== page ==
Leicester City have parted ways with manager Brendan Rodgers. This isn’t news and I’m sure you’re aware of the situation. Rodgers spent four years at the King Power and experienced as much success as any City manager not named “Ranieri” and more than his share of heartache as well. We finished 5th on the table twice under Rodgers, which would normally seem great, but when you spent the entire season in the top 4 and fall out on the last day of the season (as we did on both occasions), even 5th feels like a disappointment.
The club were bedevilled by injuries over his entire tenure, and it’s fair to question whether he was a cause of this or if it was just dumb luck. I don’t have an opinion one way or the other. I’m not going to try to go over Rodgers’ entire time here or determine where he rates among our managers all-time or whether or not his time here was a success or not.
Instead, what I’d like to do is talk a little about Earl Weaver. My background is in baseball; I was raised on the sport and I’ve worked on the periphery of the industry several times. I’m also a person who understands things through stories and analogies. Thus, I often try to explain things in the same fashion. Please bear with me on this as I promise we’ll bring it back around to Brendan Rodgers.
Earl Weaver was the manager of the Baltimore Orioles baseball team for 17 years, which is every bit as impressive as it sounds. Over that time, the Orioles won their division 6 times and finished second 7 times. That might not sound impressive, but the Orioles were in the same division as the New York Yankees and Boston Red Sox. Believe me: His record is fantastic.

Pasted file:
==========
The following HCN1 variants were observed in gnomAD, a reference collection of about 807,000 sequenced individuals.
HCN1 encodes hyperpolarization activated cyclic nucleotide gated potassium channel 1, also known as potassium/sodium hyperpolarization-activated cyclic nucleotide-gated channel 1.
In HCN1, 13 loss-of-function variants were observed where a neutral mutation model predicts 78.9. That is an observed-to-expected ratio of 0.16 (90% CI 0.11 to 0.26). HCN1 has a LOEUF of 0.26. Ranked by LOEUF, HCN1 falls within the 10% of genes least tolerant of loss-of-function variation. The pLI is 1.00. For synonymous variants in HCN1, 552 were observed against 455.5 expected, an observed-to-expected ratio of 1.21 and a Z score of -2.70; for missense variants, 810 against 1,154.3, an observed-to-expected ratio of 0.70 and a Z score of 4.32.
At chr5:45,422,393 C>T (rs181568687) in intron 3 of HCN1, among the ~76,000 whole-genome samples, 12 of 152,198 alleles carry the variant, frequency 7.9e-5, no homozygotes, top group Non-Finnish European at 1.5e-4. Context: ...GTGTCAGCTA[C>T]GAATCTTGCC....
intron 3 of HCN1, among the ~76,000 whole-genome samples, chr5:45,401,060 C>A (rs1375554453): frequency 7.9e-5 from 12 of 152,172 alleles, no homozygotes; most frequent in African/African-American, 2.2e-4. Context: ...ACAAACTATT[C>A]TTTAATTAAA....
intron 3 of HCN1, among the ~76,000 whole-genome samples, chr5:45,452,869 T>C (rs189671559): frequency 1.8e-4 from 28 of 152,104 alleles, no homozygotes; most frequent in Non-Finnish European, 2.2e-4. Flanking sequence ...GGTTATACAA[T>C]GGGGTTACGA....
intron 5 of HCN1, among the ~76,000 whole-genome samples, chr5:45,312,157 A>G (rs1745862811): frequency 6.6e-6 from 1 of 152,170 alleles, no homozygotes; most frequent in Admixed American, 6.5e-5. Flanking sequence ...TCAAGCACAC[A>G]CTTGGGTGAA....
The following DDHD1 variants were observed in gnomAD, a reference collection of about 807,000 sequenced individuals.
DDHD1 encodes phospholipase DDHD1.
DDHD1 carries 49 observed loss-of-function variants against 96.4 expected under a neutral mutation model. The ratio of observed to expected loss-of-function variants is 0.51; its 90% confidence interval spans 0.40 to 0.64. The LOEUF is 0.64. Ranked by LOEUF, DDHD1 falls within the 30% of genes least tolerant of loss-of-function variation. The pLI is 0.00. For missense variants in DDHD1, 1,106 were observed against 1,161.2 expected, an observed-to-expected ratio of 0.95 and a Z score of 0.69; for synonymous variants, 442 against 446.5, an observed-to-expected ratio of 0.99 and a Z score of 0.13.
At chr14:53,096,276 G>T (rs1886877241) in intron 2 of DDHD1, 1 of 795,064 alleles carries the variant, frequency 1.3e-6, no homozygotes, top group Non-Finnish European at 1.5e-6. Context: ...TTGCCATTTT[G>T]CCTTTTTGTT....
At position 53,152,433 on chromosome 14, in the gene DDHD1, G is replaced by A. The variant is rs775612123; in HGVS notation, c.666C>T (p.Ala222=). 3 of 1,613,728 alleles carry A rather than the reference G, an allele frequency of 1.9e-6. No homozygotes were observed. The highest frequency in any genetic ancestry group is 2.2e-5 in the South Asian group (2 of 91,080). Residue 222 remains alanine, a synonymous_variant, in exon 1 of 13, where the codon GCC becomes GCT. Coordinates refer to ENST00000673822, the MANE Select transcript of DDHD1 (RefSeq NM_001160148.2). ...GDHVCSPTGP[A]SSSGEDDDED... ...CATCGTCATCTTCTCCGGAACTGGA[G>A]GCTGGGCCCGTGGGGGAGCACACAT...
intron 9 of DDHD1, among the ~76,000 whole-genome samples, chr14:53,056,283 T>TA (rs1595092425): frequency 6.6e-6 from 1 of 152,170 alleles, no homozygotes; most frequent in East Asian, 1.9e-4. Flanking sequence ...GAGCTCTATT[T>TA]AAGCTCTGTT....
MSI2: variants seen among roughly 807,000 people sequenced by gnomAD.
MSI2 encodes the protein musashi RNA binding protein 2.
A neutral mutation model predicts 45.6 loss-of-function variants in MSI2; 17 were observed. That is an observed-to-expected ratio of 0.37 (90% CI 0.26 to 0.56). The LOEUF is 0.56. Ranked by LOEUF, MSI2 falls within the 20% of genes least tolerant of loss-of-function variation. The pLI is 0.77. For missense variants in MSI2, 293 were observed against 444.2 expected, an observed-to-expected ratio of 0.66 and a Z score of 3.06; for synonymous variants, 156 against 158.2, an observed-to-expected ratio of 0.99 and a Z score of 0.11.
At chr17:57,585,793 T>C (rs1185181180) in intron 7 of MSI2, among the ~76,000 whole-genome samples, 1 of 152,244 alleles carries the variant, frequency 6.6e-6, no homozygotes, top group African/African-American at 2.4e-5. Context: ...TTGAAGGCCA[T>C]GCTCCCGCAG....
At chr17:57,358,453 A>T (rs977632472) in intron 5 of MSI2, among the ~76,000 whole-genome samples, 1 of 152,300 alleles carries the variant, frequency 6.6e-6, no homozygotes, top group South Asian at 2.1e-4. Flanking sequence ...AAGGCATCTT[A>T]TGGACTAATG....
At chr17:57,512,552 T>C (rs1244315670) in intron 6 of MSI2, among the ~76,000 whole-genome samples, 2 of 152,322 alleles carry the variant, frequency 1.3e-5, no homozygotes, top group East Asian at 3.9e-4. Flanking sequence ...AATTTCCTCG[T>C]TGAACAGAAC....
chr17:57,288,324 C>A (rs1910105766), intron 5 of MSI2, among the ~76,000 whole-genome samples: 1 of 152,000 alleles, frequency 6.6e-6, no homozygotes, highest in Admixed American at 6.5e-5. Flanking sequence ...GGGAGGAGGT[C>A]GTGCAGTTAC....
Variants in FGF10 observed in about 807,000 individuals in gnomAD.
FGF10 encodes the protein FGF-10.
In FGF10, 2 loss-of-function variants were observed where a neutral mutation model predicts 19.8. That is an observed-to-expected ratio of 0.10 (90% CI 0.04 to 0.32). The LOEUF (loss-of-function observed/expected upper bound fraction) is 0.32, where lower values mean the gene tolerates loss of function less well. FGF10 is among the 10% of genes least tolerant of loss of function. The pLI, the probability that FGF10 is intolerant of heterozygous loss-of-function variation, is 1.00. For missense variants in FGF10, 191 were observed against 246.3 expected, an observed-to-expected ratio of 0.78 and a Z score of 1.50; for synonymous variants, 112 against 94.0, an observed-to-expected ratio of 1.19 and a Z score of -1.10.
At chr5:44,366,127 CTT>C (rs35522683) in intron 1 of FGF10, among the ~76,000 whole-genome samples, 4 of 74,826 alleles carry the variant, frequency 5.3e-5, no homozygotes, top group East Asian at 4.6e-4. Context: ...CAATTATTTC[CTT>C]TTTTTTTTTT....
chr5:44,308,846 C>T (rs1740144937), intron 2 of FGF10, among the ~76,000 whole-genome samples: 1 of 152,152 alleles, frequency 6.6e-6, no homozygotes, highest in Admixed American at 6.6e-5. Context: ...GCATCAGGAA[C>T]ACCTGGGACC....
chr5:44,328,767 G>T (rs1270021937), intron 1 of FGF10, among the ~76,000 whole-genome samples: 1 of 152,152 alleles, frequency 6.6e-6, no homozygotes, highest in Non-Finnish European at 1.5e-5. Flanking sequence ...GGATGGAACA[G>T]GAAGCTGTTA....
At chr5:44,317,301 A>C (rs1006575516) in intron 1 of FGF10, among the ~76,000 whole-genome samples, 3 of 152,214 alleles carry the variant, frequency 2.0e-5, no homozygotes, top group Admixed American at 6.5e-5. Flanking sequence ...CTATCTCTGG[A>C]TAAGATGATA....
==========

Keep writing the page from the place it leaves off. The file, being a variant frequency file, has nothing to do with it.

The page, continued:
Weaver thought about baseball in ways that were unusual at the time. He had an extremely methodical and statistic-driven approach to selecting his lineups and the strategies he used. I should mention became Baltimore’s manager in the late 1960s, so he was far ahead of his time and is often cited as the father of using statistics in baseball*.
Both his use of numbers and his understanding of how the sport worked led him to many unorthodox strategies. He “platooned” his players more often than anyone else, using right-handed hitters and left-handed pitchers and vice versa. Everyone knew about this advantage, but Weaver took advantage of it to an unusual degree.
In fact, every player on his roster had several “roles” on the club: Left-handed pinch hitter, defensive replacement at second base and shortstop, pinch runner, etc. If he had players who could do everything, then great, they played a lot. But, everyone on the roster could do one or more things well and he found a way to take advantage of those things.
As for the things the players didn’t do well? Here’s what the great Bill James had to say:
“See, managers spend a lot of time talking about what some player can’t do. Weaver wasn’t interested in what a player couldn’t do. He was interested in what the player could do. If he can’t hit a breaking pitch, you don’t play him against Bert Blyleven**. If he can’t run, you pinch-run for him—but you don’t let that stop you from developing what the player can do. It’s the things that players can do that will win games for you.”
Bill James, from his book The Bill James Guide to Baseball Managers from 1870 to Today.
That’s the manager’s job, right? I mean, the job is to “win games,” but the manager can’t go out on the field and do that. Instead, you have to take the players you have, figure out who can do what, and then put the players in situations where they can do what they do well. You keep them from having to do the things they can’t do well. Otherwise, you’re just wasting your resources.